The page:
I love the research, since I travel to do that. My husband also likes to travel, and we're lucky, being in a position where the kids are grown, and we have the time to do it. That part I love. The first draft is very difficult--I think that's the hardest part. Every once in a while you get into a state of mind where it's flowing, and you're just going along with the story; I like that, but it doesn't actually happen very often. I like tweaking the final draft, once I've got the basic story line down, but the first draft is difficult.

Can you give a little hint about what you're working on now?

It's a novel set in Germany. I've enjoyed writing about art, and this deals with modern art--an art movement in Munich in the early 1900s. It's similar to my first two books in that it goes back and forth in time.

If I say the words "DaVinci Code"...?

[Laughs] I admire Dan Brown, that he can write a book that will get people so interested. The Seventh Unicorn, because it has a main character who is a museum curator, was compared to The DaVinci Code, but at the time, I hadn't heard of that book! I also started my novel before Tracy Chevalier's Girl with the Pearl Earring came out.

Both of those books have been made into movies; I wonder if you've had any offers?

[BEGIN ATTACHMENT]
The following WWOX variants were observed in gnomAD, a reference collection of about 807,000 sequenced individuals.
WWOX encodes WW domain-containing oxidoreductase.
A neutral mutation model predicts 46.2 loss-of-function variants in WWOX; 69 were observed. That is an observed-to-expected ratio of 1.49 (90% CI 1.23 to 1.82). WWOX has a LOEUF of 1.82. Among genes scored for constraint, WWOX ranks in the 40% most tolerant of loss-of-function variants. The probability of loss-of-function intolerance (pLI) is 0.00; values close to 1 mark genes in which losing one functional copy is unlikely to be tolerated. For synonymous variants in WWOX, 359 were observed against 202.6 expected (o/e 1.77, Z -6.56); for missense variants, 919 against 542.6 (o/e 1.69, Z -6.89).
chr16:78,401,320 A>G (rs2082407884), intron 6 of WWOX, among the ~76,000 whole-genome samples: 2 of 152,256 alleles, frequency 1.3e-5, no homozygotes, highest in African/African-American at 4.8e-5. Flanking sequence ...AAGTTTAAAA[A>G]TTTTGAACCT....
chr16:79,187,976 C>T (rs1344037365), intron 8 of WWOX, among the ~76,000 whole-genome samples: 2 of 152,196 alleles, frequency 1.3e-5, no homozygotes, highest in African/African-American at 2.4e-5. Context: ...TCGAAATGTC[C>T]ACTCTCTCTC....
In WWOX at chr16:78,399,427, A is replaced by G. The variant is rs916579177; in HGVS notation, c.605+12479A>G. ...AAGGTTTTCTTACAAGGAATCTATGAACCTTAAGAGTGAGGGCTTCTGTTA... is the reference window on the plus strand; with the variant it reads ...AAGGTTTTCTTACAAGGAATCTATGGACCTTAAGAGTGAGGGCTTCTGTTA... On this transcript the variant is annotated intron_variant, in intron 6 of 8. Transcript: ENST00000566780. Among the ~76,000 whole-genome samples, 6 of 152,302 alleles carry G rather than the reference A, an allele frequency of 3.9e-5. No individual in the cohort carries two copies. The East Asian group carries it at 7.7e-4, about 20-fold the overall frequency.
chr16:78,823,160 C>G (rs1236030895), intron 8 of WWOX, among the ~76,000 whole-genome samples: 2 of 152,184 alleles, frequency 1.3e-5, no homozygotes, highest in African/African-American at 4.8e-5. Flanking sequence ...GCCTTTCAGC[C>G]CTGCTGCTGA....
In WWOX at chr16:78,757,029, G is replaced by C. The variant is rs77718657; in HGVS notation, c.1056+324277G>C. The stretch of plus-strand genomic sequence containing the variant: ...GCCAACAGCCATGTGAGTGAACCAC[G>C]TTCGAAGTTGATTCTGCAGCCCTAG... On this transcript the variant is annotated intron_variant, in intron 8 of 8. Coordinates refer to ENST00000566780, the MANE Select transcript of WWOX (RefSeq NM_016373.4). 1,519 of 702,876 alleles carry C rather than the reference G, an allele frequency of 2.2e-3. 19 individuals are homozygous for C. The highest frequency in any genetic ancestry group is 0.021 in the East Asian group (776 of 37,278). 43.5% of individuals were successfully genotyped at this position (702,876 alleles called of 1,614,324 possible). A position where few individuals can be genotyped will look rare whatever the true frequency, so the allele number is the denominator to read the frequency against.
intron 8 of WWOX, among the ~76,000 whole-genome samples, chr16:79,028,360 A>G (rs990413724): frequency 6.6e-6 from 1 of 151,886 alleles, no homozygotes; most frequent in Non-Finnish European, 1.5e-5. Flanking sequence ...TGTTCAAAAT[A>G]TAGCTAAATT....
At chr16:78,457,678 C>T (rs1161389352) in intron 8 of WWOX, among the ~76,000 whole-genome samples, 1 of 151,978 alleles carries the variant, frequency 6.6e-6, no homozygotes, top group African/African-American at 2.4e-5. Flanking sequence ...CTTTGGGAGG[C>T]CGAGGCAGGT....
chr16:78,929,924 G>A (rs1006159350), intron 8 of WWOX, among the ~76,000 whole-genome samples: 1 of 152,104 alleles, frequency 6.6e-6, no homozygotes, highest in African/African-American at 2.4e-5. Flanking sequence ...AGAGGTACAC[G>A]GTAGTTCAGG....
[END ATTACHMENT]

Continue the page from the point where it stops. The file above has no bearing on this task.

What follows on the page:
An offer for a movie based on my novel? No [laughs]. It would be wonderful! I did have someone express interest--a TV producer picked it up in an airport, and she called a few times. Don't get excited. I haven't heard from her in a while. But who knows?

What is the one thing you hope to communicate to your readers?

Hmmm. Oh, I hate questions like that: "Why am I doing this?" [Laughs] I see myself as a storyteller. I think my purpose is to entertain people. I hope along the way I might educate them a little bit. I think there's some interesting information about art in my novels, and some interesting places. I hope maybe my readers will even gain something from my characters--the situations they've been in and the decisions they've made. But I think I see myself primarily as a storyteller.

Kelly Jones will read from The Lost Madonna on March 22 at 7:30 p.m. $4 members, $6 non-members. The Cabin, 801 S. Capitol Blvd., 208-331-8000,